In verse 6 David acknowledges that God will abhor a bloody man. This is interesting because David realized that he had been accused by the former servants of king Saul to be that bloody man. There is even an implication in 1 Chron. 22:8 that the blood shed by David’s hand was why God didn’t allow David to build the temple. Again David is being transparent before God. He isn’t hiding his liabilities or things in God’s sight that are not positive attributes of his character or personal history.
In spite of David’s self-deprecation then in verse 7 he maintains that he will still move toward God in expectation of His mercy. David worshipped God not in expectation of judgment but in expectation of mercy. He knew something of the character of God and looked beyond his day of strict judgment under the law and saw God as a loving Father willing to forgive and bless and give favor in spite of David’s at times egregious shortcomings.
8 Lead me, O LORD, in thy righteousness because of mine enemies; make thy way straight before my face. 9 For [there is] no faithfulness in their mouth; their inward part [is] very wickedness; their throat [is] an open sepulchre; they flatter with their tongue. 10 Destroy thou them, O God; let them fall by their own counsels; cast them out in the multitude of their transgressions; for they have rebelled against thee. 11 But let all those that put their trust in thee rejoice: let them ever shout for joy, because thou defendest them: let them also that love thy name be joyful in thee. 12 For thou, LORD, wilt bless the righteous; with favour wilt thou compass him as [with] a shield.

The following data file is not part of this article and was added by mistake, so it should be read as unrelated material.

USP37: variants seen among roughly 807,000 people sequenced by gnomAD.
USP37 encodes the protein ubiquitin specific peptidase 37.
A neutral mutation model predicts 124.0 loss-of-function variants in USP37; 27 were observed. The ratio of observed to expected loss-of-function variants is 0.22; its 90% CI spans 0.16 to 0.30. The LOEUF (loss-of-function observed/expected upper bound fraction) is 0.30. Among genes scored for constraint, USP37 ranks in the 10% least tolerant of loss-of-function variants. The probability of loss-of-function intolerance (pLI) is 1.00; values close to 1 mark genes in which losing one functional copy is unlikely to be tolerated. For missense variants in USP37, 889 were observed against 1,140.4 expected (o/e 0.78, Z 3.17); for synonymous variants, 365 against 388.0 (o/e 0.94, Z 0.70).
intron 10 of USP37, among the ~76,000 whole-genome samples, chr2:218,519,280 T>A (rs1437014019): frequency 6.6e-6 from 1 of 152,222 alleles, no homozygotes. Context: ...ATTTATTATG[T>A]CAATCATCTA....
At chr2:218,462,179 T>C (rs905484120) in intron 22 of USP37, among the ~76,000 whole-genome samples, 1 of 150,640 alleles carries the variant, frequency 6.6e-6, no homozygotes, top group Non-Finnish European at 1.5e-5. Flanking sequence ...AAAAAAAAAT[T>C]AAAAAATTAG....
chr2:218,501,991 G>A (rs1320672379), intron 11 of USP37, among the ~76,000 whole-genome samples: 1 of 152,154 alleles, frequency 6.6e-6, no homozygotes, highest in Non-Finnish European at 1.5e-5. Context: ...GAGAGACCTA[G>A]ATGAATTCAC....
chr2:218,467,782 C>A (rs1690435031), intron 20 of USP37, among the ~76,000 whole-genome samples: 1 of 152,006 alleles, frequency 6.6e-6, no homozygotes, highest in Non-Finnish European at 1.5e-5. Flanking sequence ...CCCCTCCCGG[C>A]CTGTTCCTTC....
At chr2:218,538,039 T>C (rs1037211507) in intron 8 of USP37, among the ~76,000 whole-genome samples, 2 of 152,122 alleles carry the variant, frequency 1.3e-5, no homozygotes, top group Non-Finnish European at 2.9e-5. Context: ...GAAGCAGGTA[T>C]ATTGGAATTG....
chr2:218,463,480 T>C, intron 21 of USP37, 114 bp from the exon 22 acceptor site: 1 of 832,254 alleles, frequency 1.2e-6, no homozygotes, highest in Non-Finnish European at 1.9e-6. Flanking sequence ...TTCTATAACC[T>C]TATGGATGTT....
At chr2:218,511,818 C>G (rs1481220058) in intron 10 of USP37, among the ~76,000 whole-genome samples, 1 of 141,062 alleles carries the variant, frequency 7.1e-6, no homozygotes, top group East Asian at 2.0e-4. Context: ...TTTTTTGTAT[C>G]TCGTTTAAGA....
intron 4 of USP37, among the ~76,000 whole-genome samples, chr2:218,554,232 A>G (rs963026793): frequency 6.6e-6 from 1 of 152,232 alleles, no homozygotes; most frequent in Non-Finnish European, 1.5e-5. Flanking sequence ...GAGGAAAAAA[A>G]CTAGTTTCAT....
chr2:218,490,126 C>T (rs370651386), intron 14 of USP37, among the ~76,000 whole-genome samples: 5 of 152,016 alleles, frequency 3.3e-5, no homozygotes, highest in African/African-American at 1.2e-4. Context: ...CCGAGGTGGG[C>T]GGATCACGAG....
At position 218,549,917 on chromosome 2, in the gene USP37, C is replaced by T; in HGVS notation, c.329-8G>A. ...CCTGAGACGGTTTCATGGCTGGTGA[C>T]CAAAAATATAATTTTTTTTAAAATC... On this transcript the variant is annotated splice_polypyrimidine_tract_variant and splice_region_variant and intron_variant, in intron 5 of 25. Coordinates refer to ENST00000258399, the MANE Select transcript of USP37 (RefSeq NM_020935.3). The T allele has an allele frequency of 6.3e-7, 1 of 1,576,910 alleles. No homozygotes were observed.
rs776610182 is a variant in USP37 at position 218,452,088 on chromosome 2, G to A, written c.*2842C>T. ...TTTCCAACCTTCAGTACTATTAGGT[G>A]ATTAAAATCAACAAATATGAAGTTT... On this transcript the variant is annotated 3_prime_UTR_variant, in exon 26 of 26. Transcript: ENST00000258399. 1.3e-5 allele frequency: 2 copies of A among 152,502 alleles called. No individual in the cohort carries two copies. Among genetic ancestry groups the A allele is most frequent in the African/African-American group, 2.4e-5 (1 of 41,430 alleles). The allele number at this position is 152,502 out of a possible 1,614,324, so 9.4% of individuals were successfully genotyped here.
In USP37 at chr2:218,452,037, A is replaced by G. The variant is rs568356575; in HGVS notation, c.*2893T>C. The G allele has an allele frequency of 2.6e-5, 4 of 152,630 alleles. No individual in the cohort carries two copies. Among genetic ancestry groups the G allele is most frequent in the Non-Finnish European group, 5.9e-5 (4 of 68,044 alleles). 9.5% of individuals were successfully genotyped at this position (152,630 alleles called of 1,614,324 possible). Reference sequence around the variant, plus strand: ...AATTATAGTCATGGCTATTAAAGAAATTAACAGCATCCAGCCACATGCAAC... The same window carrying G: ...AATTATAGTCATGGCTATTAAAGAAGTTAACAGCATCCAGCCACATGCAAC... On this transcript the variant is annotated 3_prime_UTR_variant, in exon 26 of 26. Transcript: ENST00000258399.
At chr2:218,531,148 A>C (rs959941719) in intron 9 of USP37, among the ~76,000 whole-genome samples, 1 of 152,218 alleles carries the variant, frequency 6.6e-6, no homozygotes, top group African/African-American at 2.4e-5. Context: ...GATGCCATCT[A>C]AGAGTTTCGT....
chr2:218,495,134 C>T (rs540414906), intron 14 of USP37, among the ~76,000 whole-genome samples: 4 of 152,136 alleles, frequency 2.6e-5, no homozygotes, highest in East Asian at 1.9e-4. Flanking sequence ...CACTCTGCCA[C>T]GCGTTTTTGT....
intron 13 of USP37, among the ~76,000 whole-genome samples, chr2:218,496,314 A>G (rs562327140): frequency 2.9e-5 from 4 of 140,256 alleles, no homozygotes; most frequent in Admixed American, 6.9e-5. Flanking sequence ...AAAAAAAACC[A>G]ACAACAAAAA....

In verse 8 David reminds God that he has enemies both within and without his kingdom and asks the Father to lead him through the midst of the situations that others would take advantage of to harm him. Verse 9 is quoted in the book of Romans by Paul as a description of the sinful character of man whose “throat is an open sepulcher, whose inward parts were very wickedness”. David always kept his mind clear about his own shortcomings and the fallen human nature in those around him. In all of this he expected and petitioned God for mercy. In verse 10 he boldly prays that the counsel of the ungodly around him and against him would be destroyed and brought to nothing.